This is one on cancer incidence in Golden Retrievers but much of it applies to Labs and other breeds. A table lists incidence of CA in various breeds including Labs. There's a link to a longer article on CA in a writer's Golden.
Preventing Cancer in Dogs - Well Blog - NYTimes.com
A friend of mine yesterday said the Wall Street Journal (Wednesday) has a long article on Cancer in Dogs in the Personal Journal section of the paper. He's a dog lover who lost a Fox Terrier to bone cancer of the jaw. He's giving it to me today. IIRC, the WSJ article says the rate of CA in dogs is increasing.
Also I'll ETA a link to a long, informative article I found on the web on splenic cancers that I previously posted but will provide the link again.
Last edited by Bob Pr.; 05-06-2010 at 03:30 PM.
Puff [YF, AKC field line (from competing HT/FT breeder) 62 lbs, dob: 8-'01]
Bess [BF, AKC bench line (from competing show breeder) 55 lbs., 1967-1981] "Poor Bess, the Wonder Dog":
Psycho (our rabbit) developed an eye tumor when he was only a few months old. The vet removed it, but it returned and he suggested that, if it didn't cause Psycho any distress we should leave it rather than submit him to surgery every few months. I read about broccoli and its anti cancer properties and gave it to Psycho twice a week from then on. The tumour never returned. Poor Psycho died a month ago (aged 6, pretty good for a rabbit) but he remained tumor free (and never needed to visit the vet again)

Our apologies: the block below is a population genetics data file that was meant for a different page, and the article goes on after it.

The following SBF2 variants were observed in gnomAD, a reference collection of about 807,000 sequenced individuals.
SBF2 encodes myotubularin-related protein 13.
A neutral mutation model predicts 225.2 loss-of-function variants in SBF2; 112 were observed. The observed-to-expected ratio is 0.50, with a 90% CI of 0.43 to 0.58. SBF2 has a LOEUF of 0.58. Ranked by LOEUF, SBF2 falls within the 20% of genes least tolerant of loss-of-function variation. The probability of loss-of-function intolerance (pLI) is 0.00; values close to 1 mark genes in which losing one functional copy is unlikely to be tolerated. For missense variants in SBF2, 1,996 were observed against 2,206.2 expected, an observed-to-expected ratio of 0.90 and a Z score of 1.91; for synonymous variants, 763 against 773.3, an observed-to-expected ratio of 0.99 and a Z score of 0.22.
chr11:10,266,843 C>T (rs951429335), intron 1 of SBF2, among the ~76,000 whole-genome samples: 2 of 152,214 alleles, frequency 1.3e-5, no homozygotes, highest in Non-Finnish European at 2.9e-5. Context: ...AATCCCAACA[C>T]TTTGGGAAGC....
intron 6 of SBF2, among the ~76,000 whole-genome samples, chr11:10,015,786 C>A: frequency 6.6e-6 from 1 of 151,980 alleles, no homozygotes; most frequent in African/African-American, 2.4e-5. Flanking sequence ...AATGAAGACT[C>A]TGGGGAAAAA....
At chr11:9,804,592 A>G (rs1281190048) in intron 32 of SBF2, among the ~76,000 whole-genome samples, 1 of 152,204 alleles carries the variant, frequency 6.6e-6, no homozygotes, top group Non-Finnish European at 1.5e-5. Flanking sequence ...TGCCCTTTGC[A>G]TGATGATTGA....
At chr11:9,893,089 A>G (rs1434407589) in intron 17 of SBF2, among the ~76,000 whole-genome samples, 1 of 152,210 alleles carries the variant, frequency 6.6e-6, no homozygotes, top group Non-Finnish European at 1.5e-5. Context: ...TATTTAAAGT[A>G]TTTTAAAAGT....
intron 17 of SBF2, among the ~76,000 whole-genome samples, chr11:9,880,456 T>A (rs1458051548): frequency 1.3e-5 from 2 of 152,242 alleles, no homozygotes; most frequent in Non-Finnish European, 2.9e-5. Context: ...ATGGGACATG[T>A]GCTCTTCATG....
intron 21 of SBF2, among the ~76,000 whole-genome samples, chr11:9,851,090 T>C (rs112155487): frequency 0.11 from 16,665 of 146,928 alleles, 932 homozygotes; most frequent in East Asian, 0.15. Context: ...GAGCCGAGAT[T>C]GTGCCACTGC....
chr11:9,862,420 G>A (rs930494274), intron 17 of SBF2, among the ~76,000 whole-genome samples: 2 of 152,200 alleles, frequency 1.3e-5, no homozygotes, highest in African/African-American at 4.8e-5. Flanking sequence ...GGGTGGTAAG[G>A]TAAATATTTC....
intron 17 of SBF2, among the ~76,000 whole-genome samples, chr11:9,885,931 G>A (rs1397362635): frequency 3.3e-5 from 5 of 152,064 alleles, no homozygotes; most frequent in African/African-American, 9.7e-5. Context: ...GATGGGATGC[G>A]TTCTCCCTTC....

Is it OK to give a Labrador broccoli??? If it is, then I will start Dinozzo on it now.
*OOoooops, just read it again...but how much broccoli does 1/2 cup liqidized equal????*
Last edited by Tanwen; 05-06-2010 at 10:30 PM.
Dr Ruthan Chun the head of oncology at UNWI says if dogs have anti oxidants, fish oil, flax seed and are feed green leafy veges 3 times a week they are less lilley to get cancer. The veges either cooked or raw and human size portions.
She says genetic screening is on the way. She says studies being done suggest many cancers have strong genetic factor with more than 1 gene mutates.
Dr Cheryl London from Ohio university has been doing genetic studies.
I agree it does seem more dogs are getting cancer. This is very sad. It is more awareness and better diganoses we are seeing more.
It also appears bigger dogs are more prone to bone cancer, with Rotties topping the list. I am stil active in the bone cancer group and organisation and rarely do we see a small dog.
I just hope with awarenss and research one day soon we will find some answers.